Arizona Board of Education backs off changes to sex ed curriculum amid uproar
A move to change Arizona’s sex education guidelines crashed and burned earlier this week after an irate group of parents, advocates and lawmakers descended en masse on an Arizona Board of Education meeting to argue against what they say is the “sexualization” of children, according to local media reports.
During the meeting, which was so large that officials had to open up three overflow rooms for those wishing to speak, opponents of the changes to the sex ed curriculum ran down a litany of complaints from pornography’s influence on children to demands that anal sex, oral sex and homosexuality be left out of the classroom.
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The proposed changes to Arizona’s sexual education instructions were prompted by the repeal in April of a decades-old law in the state that prohibited sexual education in public schools that promotes a "homosexual lifestyle."
The changes suggested by a group including board officials and LGBT activists included removing the language from sex ed that bans the “teaching of abnormal, deviate, or unusual sexual acts and practices" and, instead, adds language that states sex education should "be medically and scientifically accurate."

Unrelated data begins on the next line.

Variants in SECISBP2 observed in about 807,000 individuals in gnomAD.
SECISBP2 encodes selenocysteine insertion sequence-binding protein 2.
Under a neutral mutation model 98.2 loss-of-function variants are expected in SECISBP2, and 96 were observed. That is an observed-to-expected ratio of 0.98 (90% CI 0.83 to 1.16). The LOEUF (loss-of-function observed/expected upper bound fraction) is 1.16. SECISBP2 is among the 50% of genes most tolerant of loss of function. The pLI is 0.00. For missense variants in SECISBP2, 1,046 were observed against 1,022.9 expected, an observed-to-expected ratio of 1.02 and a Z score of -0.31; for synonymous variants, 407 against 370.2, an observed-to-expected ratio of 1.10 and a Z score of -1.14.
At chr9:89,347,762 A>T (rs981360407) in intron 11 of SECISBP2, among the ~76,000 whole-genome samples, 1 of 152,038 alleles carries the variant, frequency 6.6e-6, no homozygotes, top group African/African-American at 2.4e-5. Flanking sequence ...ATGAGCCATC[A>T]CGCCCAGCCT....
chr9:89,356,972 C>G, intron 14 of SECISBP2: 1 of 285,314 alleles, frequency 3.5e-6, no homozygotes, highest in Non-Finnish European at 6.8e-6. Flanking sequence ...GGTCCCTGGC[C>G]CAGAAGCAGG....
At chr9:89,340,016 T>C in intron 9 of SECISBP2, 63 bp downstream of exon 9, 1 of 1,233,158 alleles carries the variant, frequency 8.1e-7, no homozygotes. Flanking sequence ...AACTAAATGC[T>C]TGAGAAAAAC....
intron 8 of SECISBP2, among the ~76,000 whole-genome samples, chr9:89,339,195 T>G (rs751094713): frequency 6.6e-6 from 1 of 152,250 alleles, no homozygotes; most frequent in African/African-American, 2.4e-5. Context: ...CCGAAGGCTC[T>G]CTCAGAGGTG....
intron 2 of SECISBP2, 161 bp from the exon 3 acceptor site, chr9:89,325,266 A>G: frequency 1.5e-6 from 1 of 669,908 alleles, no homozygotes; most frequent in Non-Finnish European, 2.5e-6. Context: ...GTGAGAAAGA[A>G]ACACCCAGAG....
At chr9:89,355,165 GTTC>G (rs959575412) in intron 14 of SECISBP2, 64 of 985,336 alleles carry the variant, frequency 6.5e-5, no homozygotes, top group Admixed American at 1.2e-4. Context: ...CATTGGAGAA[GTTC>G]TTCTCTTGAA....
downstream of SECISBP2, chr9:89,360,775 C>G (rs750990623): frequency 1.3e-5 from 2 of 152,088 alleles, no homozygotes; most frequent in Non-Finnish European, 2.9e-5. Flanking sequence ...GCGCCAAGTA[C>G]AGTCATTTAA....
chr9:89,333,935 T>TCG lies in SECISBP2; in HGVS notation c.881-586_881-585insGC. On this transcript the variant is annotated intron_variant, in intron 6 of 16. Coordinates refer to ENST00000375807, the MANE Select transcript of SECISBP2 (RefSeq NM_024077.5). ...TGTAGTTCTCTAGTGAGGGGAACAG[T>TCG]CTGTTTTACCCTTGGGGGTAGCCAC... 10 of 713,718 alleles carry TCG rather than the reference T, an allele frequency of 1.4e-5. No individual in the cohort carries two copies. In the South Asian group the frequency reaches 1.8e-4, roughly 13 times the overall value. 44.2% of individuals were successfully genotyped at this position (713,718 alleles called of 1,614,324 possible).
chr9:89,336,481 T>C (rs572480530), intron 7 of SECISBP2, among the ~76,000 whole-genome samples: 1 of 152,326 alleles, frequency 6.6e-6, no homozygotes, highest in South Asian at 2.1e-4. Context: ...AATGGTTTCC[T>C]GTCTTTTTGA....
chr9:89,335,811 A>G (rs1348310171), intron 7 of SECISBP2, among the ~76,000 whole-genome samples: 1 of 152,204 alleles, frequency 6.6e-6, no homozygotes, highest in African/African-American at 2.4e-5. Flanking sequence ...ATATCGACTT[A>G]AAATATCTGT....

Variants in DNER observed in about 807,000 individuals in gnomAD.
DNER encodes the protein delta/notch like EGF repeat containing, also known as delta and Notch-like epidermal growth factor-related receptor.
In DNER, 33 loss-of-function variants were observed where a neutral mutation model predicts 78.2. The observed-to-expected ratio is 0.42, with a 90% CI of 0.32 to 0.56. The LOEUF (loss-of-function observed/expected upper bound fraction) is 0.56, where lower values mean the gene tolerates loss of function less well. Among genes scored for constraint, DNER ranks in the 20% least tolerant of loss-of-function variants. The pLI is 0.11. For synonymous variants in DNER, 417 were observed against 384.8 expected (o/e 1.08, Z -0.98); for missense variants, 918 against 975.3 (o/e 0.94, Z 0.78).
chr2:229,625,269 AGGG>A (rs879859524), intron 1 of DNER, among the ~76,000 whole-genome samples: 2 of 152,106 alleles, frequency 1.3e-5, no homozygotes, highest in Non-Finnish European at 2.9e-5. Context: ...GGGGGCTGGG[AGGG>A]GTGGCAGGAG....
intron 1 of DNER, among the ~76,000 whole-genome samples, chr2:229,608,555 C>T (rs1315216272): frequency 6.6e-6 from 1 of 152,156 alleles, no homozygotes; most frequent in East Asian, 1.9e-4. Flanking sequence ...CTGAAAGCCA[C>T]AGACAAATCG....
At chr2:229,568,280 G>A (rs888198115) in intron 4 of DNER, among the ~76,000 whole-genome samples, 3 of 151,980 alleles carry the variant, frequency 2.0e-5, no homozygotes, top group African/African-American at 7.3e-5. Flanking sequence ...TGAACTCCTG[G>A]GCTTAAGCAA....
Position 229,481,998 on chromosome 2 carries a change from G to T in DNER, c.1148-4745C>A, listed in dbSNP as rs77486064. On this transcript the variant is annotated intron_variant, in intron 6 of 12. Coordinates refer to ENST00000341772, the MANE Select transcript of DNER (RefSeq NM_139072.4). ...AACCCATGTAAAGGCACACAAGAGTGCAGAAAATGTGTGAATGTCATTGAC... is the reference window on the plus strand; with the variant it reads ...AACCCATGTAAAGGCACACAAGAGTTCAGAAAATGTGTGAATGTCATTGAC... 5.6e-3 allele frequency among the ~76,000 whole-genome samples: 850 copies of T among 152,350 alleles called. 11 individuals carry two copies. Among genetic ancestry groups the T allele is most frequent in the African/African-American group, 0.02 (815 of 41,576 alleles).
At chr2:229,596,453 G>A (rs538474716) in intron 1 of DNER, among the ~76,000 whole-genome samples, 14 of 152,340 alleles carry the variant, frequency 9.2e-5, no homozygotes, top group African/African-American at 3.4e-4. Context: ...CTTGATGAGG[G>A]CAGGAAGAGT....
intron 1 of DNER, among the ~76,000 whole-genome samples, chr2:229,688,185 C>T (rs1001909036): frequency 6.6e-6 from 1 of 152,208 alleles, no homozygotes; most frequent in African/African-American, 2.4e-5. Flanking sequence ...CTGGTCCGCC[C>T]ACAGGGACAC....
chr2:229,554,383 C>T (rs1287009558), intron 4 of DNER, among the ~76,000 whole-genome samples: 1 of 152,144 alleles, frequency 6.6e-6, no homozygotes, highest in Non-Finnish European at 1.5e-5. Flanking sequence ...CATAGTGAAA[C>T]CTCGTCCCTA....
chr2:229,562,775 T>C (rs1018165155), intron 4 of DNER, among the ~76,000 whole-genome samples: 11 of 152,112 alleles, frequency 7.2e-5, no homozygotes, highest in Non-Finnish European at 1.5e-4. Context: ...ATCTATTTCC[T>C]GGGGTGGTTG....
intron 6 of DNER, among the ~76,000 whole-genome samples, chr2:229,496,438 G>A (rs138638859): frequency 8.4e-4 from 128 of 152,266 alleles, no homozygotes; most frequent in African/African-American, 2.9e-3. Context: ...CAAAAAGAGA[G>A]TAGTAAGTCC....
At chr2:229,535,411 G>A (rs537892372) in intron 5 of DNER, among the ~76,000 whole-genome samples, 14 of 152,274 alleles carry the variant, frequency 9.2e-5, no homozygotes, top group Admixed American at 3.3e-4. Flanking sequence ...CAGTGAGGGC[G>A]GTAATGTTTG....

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The other changes included teaching children about sexually transmitted diseases and how best to prevent them and permitting schools to teach sexual education to boys and girls together, with the option of teaching the two genders separately still being permitted.
Despite the uproar, sexual education in Arizona is optional and parents choose whether or not they want their child attending the classes. Also, the Arizona State Board of Education is not responsible for creating a sex ed curriculum, it just governs the rules about what should and should not be included. Individual school districts and charter schools are responsible for setting their own curriculum.